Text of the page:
Following quickly on the announcement of the U.S.'s departure from its air base in Kyrgyzstan, Russia has promised that it will double the number of aircraft at its base in the country, Kant. Over the weekend, during tenth-anniversary celebrations the Kant base, a senior Russian air force official said that the number of aircraft at Kant would "at least double" by December, and that the number of personnel would increase as well.
It's not clear what exactly Russia has at Kant now. While AFP and RT both report that Kant hosts "10 Sukhoi fighters, two Mi-8 helicopters and about a dozen other transport and training airplanes." But this more detailed Russian report says that there are only five Su-25s (along with the two Mi-8s).
Anyway, the symbolic import of Kant has always been greater than its operational significance. It was set up just after the U.S. established Manas, in what seemed an obvious attempt by Russia to respond to the Americans' gaining a foothold on "their" terrain. And according to a short history of the base just published by the Russian military newspaper Krasnaya Zvezda, over its ten-year history it has served primarily as a base for exercises involving other Central Asian countries. (This is a sort of continuation of the base's Soviet history as a place to train air force pilots from friendly Third World countries, including Hafez al-Assad and Hosni Mubarak, before they became presidents of Syria and Egypt, respectively.)
And during the celebration, there was no mention of the practical role that the base plays, the emphasis being put on its role in Russia-Kyrgyzstan ties. "The location of the Russian base at Kant carries out an important political role," said Russia's acting charge d'affaires in Kyrgyzstan, Yevgeny Terekhin. "This speaks to the high level of relations between Russia and the Kyrgyz Republic, characterized as a strategic partnership and alliance." And RT laid it out pretty bluntly: "The Kant base is seen as a vital tool to increase Russian influence in the region after the US lease at its Manas base expires in July 2014."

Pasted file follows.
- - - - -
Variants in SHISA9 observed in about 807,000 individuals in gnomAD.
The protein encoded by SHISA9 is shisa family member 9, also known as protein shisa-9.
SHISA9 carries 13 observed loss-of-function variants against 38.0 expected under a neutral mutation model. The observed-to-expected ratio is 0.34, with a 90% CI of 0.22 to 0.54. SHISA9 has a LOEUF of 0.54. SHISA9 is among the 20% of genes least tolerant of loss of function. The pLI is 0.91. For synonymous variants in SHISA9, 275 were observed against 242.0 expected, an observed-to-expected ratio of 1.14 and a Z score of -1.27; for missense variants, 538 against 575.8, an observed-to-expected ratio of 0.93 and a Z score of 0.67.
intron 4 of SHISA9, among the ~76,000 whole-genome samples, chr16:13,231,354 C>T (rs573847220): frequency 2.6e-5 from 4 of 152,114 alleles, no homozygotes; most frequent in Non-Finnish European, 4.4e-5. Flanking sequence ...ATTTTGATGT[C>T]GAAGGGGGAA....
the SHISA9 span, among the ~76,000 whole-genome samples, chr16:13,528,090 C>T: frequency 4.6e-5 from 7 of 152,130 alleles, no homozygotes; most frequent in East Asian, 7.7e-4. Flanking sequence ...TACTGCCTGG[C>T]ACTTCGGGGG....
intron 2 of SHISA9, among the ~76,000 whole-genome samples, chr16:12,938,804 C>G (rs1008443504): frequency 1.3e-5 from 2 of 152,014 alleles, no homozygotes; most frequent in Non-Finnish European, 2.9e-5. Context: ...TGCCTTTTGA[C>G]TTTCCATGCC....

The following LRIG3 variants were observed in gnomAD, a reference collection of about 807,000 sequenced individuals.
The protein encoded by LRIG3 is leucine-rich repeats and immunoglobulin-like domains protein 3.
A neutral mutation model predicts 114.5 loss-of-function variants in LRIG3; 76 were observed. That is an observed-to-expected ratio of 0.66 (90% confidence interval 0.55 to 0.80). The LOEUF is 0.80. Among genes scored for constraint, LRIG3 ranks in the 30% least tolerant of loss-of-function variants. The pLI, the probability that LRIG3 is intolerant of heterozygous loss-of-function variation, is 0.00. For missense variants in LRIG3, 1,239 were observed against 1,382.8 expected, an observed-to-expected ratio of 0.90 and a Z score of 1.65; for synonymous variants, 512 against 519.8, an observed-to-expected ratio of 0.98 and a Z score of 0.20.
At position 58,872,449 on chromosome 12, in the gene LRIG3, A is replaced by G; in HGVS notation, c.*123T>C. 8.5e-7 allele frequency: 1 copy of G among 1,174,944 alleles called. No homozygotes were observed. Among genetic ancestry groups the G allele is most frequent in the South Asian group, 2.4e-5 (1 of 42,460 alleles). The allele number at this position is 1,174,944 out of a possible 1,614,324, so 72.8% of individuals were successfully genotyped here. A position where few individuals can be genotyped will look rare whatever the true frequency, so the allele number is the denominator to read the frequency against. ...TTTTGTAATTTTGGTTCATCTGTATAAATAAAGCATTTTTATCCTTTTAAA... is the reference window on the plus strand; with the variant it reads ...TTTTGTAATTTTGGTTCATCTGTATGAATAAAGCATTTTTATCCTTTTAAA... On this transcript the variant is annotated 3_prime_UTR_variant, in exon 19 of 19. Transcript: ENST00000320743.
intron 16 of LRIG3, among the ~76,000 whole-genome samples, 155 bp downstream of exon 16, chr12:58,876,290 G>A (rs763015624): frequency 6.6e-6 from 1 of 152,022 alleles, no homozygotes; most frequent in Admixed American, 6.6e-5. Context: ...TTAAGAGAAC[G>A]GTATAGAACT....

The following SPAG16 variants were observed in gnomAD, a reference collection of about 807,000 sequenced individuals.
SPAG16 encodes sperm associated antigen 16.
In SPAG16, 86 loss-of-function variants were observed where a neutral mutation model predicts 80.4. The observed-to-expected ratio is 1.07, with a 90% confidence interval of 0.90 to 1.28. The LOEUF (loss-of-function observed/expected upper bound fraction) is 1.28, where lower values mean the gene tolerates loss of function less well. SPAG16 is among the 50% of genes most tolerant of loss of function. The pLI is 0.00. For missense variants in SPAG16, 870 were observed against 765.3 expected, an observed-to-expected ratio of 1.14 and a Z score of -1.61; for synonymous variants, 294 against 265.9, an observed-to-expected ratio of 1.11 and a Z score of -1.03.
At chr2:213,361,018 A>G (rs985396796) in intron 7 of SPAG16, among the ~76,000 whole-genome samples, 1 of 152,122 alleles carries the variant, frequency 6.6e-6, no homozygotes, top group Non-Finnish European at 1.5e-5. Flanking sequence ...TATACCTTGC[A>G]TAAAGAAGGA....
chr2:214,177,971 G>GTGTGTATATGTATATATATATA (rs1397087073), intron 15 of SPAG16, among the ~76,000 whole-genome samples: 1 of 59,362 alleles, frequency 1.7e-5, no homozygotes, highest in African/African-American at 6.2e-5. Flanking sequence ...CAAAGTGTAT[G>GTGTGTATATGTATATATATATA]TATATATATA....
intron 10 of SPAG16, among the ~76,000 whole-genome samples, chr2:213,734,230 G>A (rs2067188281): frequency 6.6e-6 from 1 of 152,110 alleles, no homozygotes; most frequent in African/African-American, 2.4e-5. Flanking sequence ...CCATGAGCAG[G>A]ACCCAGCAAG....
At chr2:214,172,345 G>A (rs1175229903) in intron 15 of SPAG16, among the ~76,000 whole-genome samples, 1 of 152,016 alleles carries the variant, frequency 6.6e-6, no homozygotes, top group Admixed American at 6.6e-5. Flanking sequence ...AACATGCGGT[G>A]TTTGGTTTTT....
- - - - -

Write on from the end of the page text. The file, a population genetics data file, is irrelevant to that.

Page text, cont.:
However, Kant could soon be taking on a bigger operational mission. It's been designated as a base for the Collective Security Treaty Organization's new Collective Air Forces, assuming that structure in fact gets built (a big "if"). And Russia just signed a deal to keep control of Kant (and all its other military facilities in Kyrgyzstan) through 2032. So it's a big, quick reversal in fortunes for the base that just last year Kyrgyzstan President Almazbek Atambayev complained served no purpose. "As far as the Russian base is concerned, we will think it over because a base that does not comply with any of the terms of the agreement, that does not pay even the lease for more than four years, while Kyrgyzstan has to pay all utility bills – do we need such a base?” he asked then. The hard feelings were no doubt smoothed over by the promise of a Russian military aid package worth more than $1 billion.
It's interesting, though, that at least according to the news reports neither Atambayev nor any other senior Kyrgyzstani government official was at the Kant celebration.